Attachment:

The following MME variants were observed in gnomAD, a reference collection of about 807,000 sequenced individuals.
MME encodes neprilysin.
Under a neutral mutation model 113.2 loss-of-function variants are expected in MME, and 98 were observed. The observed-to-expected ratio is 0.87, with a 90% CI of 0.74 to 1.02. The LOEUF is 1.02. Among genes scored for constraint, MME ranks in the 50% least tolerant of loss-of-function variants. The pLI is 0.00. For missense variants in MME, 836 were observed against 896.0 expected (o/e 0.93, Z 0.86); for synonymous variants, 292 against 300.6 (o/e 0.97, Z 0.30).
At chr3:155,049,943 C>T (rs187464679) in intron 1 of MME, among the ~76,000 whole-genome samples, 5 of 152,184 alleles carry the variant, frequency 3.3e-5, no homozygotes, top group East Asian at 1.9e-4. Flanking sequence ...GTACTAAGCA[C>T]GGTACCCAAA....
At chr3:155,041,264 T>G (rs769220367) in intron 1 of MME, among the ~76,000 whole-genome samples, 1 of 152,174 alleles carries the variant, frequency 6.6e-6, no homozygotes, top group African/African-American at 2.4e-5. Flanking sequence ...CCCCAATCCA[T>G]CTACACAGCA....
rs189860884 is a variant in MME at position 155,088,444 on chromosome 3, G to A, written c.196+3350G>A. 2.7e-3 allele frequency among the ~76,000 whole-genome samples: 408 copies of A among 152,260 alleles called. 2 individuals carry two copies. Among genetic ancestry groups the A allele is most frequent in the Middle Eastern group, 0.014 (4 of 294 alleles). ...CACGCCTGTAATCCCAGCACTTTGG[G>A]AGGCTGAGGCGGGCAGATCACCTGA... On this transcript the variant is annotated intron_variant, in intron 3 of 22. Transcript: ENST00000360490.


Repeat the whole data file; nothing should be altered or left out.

The following MME variants were observed in gnomAD, a reference collection of about 807,000 sequenced individuals.
MME encodes neprilysin.
Under a neutral mutation model 113.2 loss-of-function variants are expected in MME, and 98 were observed. The observed-to-expected ratio is 0.87, with a 90% CI of 0.74 to 1.02. The LOEUF is 1.02. Among genes scored for constraint, MME ranks in the 50% least tolerant of loss-of-function variants. The pLI is 0.00. For missense variants in MME, 836 were observed against 896.0 expected (o/e 0.93, Z 0.86); for synonymous variants, 292 against 300.6 (o/e 0.97, Z 0.30).
At chr3:155,049,943 C>T (rs187464679) in intron 1 of MME, among the ~76,000 whole-genome samples, 5 of 152,184 alleles carry the variant, frequency 3.3e-5, no homozygotes, top group East Asian at 1.9e-4. Flanking sequence ...GTACTAAGCA[C>T]GGTACCCAAA....
At chr3:155,041,264 T>G (rs769220367) in intron 1 of MME, among the ~76,000 whole-genome samples, 1 of 152,174 alleles carries the variant, frequency 6.6e-6, no homozygotes, top group African/African-American at 2.4e-5. Flanking sequence ...CCCCAATCCA[T>G]CTACACAGCA....
rs189860884 is a variant in MME at position 155,088,444 on chromosome 3, G to A, written c.196+3350G>A. 2.7e-3 allele frequency among the ~76,000 whole-genome samples: 408 copies of A among 152,260 alleles called. 2 individuals carry two copies. Among genetic ancestry groups the A allele is most frequent in the Middle Eastern group, 0.014 (4 of 294 alleles). ...CACGCCTGTAATCCCAGCACTTTGG[G>A]AGGCTGAGGCGGGCAGATCACCTGA... On this transcript the variant is annotated intron_variant, in intron 3 of 22. Transcript: ENST00000360490.